By Randall K. O’Bannon, Ph.D., NRL-ETF Director of Educational & Research
Part 4 of 5: Research Team with an Agenda
Editor’s note: As noted previously, researchers the University of California at San Francisco (UCSF) conducted a five year “prospective longitudinal” study beginning in 2008 looking at the repercussions of a woman being “turned away” from an abortion clinic. According to released summaries of the study, participating clinics turned away about 1% of abortion seekers.
While the lack of a formal published study makes it difficult to do a full analysis, we do know a few details from press coverage, P.R. releases from the website, and conference presentation summaries.
When most people see results of a major national study touted in the news media, they assume that authors of the study are objective experts. Well, the folks at UCSF are indeed experts when it comes to abortion, but they are far from objective.
If Planned Parenthood is America’s abortion chain and the Guttmacher Institute its source of statistics, then UCSF has long been the nation’s abortion training academy.
As the NRL News has explained before (see our report from 5/28/10), UCSF doctors were performing abortions back in the 1960s and quickly set about becoming a major abortion training center. Early on, UCSF researchers took the lead in researching and teaching new abortion methods, experimenting not only with surgical techniques but also chemical methods using RU486 and methotrexate, the anti-cancer drug.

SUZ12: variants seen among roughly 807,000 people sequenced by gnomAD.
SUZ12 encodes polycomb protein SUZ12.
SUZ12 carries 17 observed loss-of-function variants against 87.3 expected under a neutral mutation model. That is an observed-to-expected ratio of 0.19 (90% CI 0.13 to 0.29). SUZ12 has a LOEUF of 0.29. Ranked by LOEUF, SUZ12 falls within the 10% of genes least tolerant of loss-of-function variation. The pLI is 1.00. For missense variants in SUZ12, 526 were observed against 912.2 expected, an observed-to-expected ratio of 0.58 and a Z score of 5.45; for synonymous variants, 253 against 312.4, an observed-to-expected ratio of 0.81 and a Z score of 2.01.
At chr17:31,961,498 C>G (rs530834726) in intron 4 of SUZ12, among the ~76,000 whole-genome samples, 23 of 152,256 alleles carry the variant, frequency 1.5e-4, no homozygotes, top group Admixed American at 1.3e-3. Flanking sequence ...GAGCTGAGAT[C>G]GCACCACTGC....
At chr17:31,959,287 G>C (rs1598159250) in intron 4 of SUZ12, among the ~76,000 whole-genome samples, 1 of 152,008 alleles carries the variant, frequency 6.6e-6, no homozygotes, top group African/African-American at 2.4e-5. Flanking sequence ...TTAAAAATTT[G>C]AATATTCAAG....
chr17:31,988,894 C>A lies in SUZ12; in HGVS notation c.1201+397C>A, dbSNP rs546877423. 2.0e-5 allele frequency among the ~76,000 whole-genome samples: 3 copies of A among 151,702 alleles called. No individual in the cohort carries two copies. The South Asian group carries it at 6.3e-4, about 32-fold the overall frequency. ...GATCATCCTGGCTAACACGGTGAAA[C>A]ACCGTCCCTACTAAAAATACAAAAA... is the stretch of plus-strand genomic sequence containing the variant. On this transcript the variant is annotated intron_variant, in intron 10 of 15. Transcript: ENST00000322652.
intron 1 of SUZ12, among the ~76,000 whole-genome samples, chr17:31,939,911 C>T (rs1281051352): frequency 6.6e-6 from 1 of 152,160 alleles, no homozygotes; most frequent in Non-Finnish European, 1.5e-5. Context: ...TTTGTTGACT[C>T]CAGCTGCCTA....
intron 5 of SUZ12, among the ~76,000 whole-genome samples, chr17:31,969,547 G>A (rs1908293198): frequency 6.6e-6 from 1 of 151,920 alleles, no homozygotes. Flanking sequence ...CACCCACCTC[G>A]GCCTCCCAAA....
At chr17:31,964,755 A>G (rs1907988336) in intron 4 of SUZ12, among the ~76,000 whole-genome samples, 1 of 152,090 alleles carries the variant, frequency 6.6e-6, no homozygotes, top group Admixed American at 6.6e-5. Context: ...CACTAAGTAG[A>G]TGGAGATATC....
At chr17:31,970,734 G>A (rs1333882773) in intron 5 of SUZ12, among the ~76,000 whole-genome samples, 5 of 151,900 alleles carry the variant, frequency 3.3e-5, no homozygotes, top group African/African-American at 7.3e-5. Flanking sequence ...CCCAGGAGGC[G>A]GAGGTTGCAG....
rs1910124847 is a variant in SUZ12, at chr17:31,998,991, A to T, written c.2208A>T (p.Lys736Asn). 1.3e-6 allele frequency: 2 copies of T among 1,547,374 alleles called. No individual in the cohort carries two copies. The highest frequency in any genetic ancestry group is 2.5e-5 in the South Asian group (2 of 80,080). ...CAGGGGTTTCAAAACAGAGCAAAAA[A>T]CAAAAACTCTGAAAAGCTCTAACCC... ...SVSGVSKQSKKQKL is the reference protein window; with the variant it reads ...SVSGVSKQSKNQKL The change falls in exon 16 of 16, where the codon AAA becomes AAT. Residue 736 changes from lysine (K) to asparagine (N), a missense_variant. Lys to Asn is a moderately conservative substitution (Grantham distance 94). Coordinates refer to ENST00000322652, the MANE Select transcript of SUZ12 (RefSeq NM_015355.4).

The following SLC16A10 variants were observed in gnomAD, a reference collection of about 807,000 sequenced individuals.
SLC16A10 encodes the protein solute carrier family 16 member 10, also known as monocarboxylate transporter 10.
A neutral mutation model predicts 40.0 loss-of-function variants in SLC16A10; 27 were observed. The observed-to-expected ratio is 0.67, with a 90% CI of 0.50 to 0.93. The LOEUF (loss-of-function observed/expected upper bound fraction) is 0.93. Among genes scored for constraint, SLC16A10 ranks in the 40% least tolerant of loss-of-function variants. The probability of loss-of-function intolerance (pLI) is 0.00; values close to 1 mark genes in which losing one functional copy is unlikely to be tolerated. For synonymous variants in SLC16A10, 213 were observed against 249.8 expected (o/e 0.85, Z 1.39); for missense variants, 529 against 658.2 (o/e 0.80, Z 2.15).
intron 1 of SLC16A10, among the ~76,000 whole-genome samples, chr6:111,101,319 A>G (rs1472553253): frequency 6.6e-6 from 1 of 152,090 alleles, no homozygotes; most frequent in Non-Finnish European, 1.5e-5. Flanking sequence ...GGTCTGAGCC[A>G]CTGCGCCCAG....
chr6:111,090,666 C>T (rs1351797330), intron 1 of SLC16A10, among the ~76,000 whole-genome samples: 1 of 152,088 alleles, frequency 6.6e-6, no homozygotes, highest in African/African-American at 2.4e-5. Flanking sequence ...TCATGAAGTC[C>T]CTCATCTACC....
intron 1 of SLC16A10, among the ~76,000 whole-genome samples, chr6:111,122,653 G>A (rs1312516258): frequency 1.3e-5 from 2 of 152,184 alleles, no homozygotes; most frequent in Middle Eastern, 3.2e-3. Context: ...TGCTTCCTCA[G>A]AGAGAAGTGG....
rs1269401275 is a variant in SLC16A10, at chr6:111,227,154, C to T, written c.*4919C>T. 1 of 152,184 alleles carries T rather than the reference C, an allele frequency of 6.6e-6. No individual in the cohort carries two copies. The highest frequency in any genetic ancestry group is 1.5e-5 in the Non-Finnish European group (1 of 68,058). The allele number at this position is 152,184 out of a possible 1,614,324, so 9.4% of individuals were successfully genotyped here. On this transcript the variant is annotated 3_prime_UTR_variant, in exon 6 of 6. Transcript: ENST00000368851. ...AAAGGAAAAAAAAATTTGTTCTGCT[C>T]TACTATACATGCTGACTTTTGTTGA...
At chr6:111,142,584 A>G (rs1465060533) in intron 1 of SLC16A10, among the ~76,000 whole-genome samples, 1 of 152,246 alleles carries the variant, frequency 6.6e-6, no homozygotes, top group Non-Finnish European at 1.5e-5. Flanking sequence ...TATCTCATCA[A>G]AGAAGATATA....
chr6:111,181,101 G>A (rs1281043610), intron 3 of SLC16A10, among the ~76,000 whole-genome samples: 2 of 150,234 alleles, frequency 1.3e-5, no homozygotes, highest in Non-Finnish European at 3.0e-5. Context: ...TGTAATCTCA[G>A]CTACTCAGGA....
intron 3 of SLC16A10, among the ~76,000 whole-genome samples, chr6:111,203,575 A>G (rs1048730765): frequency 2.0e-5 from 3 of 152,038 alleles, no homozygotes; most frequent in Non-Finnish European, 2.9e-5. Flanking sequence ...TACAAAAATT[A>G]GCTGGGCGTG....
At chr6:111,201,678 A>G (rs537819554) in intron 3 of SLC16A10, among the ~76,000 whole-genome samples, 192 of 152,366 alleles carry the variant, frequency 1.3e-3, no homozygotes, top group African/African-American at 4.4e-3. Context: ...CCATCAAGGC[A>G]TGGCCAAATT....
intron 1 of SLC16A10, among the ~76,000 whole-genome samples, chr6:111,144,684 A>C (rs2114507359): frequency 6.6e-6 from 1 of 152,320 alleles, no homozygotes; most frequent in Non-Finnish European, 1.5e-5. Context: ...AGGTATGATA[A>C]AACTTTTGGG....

Many of the nation’s leading abortion advocates and pioneers can be traced back to UCSF, and current and former faculty members and graduates can be found in various research and policy centers around the country and scattered and throughout the government. Regularly sought out and quoted by the mainstream media, UCSF faculty can be counted on to reassure the public of abortion’s safety and to advocate its expansion.
All this is obviously in play here. With stories in the news about women dying or injured from abortion, laws being passed ensuring women know of abortion’s risks, articles appearing in major journals linking abortion and depression, customer demand at a low and public support for abortion dropping, particularly for late abortions like those done by partial-birth abortion, the UCSF team shows up with a research project designed to show that women really are better off economically, physically, emotionally with abortion, even if those happen to be late abortions.
Their focus on women “turned away” from abortion clinics serves multiple purposes.
First, it draws attention to a group of women that few people, perhaps even pro-lifers, know exists. To the casual observer, the easily anticipatable perception is that there are these women out there, desperate for abortions, and these meddling pro-lifers with their draconian laws, are preventing them from exercising their constitutional rights and getting the abortions they need.
The reality is quite different. What we currently have in America is effectively a policy of abortion on demand, entially the full nine months of pregnancy, for any reason, and that clinics are usually the ones setting these limits because of lack of facilities, training, or desire, goes unmentioned.